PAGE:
The new interpretations of the breakdown is music to the ears of John Mitchell, the England defence coach, who believes that come the Autumn Nations Cup their wealth of back-row talent will give Eddie Jones’s side an early advantage over their rivals.
England’s dual-openside approach paid off this time last year as Sam Underhill and Tom Curry became a focal point of their run to the Rugby World Cup final, which continued into this year’s Six Nations albeit with the latter deployed at No 8 in the absence of Billy Vunipola.
However, behind Underhill and Curry lies a swollen pool of flankers at Jones’s disposal. Ben Earl has forced his way into the England set-up this year alongside Mark Wilson and Lewis Ludlam, while 23-year-old Jack Willis has thrown his hat well and truly into the ring with a series of man-of-the-match performances to fire Wasps into the Premiership play-offs, along with Curry’s twin brother Ben.
These loaded back-row reserves are no surprise to England’s closest rivals, given their improvement around the breakdown since Jones first took over. But Mitchell believes there is something within how referees are judging the ruck that will play into their hands when northern hemisphere international rugby resumes later this month.
“With my experience now ... if you had asked me that when I was back involved in New Zealand I would probably say that I would love it,” Mitchell said of the new interpretations, which has seen an emphasis placed on purebred ball-winners who also have the awareness to correctly time their attack on possession due to the faster ruck speeds.
“It is continuity and all those sorts of things. If you take me back to being a backrower I would probably say yeah I love it because you can contest the ball. But you have just got to find ways that whatever you do in that particular area it suits your own strengths.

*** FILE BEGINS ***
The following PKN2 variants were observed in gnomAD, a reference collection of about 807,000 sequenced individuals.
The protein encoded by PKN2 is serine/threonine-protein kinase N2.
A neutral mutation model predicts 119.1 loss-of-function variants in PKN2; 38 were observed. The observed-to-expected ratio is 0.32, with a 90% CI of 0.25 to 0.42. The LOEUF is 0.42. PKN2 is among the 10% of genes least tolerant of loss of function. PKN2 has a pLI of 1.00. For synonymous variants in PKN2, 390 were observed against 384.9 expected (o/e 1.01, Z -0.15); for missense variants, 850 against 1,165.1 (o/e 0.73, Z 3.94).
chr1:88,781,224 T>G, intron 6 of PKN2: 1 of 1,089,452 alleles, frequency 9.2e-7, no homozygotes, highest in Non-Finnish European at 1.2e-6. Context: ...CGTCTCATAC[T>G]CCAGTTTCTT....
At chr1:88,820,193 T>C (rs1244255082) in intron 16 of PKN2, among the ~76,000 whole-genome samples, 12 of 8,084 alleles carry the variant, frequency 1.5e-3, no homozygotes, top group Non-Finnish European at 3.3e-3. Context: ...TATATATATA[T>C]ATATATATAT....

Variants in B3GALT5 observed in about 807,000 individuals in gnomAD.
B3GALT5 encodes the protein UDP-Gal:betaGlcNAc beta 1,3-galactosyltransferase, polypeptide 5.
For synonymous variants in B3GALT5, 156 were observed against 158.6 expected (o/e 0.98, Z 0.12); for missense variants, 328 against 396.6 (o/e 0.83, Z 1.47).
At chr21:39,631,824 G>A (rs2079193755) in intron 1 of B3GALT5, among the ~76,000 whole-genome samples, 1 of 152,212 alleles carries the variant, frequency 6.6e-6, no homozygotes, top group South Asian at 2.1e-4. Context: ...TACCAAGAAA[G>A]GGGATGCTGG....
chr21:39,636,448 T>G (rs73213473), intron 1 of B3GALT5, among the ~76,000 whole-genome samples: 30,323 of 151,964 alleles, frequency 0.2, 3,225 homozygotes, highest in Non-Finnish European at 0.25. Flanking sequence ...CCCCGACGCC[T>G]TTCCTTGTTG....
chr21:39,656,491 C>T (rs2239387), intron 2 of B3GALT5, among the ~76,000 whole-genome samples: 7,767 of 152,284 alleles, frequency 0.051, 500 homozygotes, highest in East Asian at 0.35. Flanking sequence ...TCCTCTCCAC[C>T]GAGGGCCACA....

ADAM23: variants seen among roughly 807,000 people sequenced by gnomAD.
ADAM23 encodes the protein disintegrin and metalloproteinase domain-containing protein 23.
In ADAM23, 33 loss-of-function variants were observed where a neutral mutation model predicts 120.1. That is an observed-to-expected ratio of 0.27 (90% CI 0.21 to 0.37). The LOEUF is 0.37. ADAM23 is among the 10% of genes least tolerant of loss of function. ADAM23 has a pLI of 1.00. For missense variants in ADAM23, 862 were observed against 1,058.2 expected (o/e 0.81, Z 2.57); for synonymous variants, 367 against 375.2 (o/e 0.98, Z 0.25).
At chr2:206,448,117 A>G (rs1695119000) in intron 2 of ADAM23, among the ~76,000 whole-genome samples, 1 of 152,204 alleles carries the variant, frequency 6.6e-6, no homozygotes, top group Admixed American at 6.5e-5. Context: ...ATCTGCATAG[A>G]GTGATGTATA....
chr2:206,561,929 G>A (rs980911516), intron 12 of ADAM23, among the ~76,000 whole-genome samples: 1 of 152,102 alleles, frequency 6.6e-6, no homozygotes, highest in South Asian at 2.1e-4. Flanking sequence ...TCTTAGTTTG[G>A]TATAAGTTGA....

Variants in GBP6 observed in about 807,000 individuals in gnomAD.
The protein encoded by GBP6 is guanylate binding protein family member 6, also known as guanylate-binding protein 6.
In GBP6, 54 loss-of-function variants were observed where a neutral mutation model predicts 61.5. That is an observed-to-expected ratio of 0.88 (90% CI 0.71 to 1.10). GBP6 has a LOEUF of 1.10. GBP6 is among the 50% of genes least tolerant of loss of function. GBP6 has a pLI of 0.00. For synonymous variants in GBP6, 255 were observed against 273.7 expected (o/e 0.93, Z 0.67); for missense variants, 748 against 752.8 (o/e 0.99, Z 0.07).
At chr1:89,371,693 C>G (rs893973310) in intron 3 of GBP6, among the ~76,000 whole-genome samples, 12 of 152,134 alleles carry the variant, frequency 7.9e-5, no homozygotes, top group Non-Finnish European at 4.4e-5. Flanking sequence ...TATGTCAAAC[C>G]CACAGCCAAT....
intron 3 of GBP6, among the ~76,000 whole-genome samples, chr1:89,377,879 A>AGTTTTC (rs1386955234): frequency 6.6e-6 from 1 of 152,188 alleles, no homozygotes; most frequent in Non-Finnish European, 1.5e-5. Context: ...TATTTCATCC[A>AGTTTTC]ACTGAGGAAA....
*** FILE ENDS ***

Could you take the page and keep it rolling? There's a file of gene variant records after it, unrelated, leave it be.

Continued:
“Not a lot has changed but there is a subtle action that is really important to us and that is where we feel we have got a point of difference. It takes a lot of hard work though even though it is a subtle change. It is a change of behaviour but like anything it is getting the players to understand the reason why and once they understand the why, it gives us a really good opportunity for all the players to get aligned.”
It is precisely why so many are calling for Willis to be handed his second England call-up, more than two years after injury scuppered his first. The Wasps forward has secured 43 turnovers this season, more than double his nearest challenger, which has helped to give his club the highest average of jackal turnovers in the Premiership.
That said, Jones has a habit of leaving out Premiership players who the public clamour for - Danny Cipriani, Dan Robson and Don Armand immediately spring to mind - and although Willis fits the bill to perfection in terms of what referees are allowing right now, nothing is guaranteed when it comes to the England squad.
“Just looking at Jack, he has really good awareness around that situation, so his awareness leads to anticipation,” Mitchell said of Willis’ qualities that have led to his success this season.
“Secondly, physically he is quite flexible in that area. And thirdly he doesn’t fear, he simply dares, in terms of making his decision, and he is very decisive in it. You are not always going to get it right but he is definitely decisive.”